Uptake pharmacokinetics of the Fentanyl Oralet® in children scheduled for central venous access removal: Implications for the timing of initiating painful procedures

Melissa Wheeler*, Patrick K. Birmingham, Richard M. Dsida, Zhao Wang, Charles J. Coté, Michael J. Avram

*Corresponding author for this work

Research output: Contribution to journalArticle

36 Scopus citations


Background: The Fentanyl Oralet® (Abbott Laboratories, Abbott Park, IL, USA) is an oral transmucosal drug delivery system. We previously examined pharmacokinetic parameters of children who had completed consumption of the Fentanyl Oralet®. The present study was designed to clarify pharmacokinetic parameters during the consumption phase to determine if there is an optimal administration time before painful procedures. Methods: Patients, aged 3-10 years, who were scheduled for elective removal of central venous access devices under general anaesthesia, received a Fentanyl Oralet® (fentanyl 10-15 μg·kg-1). Plasma fentanyl concentrations were measured by radioimmunoassay. Data from blood samples obtained during and after consumption of the Fentanyl Oralet® from 17 patients in the present study were combined with data from our previous study to better characterize both the consumption and postconsumption concentration versus time profiles. Results: Estimated fentanyl bioavailability (mean ± SD) was low (36.1 ± 0.4%), as were peak plasma concentrations (1.03 ± 0.31 ng·ml-1), suggesting that many children swallowed a large fraction of the dose. This led to a relatively late and variable peak concentration time of 53 ± 40 min. In addition, because of the apparently large degree of gastrointestinal absorption, concentration versus time curves were wide and flat. Conclusions: The wide and flat concentration versus time profile may allow flexibility in the timing of a painful procedure following Fentanyl Oralet® administration. However, the variability of the time to peak concentration makes it difficult to suggest a minimum interval between Fentanyl Oralet® consumption and the start of a painful procedure.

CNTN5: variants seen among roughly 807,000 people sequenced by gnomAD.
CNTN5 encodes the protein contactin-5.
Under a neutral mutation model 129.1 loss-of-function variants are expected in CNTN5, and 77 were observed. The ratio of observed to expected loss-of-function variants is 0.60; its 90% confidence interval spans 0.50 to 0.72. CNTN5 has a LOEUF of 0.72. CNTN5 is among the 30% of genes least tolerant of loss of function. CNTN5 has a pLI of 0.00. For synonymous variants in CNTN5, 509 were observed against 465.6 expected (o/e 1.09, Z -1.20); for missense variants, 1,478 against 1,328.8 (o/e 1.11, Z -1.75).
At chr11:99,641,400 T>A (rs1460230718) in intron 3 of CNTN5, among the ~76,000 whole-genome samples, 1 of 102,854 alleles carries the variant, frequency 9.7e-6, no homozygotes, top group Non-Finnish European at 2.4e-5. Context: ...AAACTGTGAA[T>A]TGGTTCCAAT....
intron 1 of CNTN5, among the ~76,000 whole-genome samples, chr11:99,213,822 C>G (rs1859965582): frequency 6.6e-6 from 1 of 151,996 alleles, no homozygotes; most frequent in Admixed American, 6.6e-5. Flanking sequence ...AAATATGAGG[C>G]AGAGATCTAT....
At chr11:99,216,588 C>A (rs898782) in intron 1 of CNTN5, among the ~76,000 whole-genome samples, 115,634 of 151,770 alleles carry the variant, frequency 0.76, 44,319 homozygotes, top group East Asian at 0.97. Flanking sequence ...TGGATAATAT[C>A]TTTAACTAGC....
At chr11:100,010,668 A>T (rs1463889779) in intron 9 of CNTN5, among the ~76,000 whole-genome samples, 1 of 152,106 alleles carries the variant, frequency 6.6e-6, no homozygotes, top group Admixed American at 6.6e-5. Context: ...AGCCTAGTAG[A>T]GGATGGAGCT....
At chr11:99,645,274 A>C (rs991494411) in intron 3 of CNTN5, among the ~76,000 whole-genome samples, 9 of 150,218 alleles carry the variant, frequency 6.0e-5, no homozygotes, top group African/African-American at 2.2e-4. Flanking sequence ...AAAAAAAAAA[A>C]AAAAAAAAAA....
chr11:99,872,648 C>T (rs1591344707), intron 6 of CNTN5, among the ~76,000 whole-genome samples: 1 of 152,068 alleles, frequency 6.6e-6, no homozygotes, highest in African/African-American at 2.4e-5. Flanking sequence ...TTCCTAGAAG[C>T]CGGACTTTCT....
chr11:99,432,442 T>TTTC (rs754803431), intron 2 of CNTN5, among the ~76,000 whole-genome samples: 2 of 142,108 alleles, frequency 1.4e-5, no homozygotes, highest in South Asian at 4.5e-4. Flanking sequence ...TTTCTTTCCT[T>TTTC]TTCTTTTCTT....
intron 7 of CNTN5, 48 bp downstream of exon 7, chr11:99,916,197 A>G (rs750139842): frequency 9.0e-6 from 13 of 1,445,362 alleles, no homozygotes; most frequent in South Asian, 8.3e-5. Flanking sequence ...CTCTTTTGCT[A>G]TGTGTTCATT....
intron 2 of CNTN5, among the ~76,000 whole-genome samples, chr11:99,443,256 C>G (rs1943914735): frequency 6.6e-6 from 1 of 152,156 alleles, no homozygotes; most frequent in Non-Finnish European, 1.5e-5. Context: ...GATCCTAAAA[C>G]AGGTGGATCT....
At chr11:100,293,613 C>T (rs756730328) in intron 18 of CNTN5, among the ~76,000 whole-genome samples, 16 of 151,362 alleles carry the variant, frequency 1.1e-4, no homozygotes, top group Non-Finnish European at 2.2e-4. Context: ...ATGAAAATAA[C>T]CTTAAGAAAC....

Original languageEnglish (US)
Pages (from-to)594-599
Number of pages6
JournalPaediatric anaesthesia
Issue number7
StatePublished - Nov 14 2002



  • Anaesthesia
  • Analgesia
  • Fentanyl
  • Fentanyl Oralet®
  • Premedication

ASJC Scopus subject areas

  • Pediatrics, Perinatology, and Child Health
  • Anesthesiology and Pain Medicine

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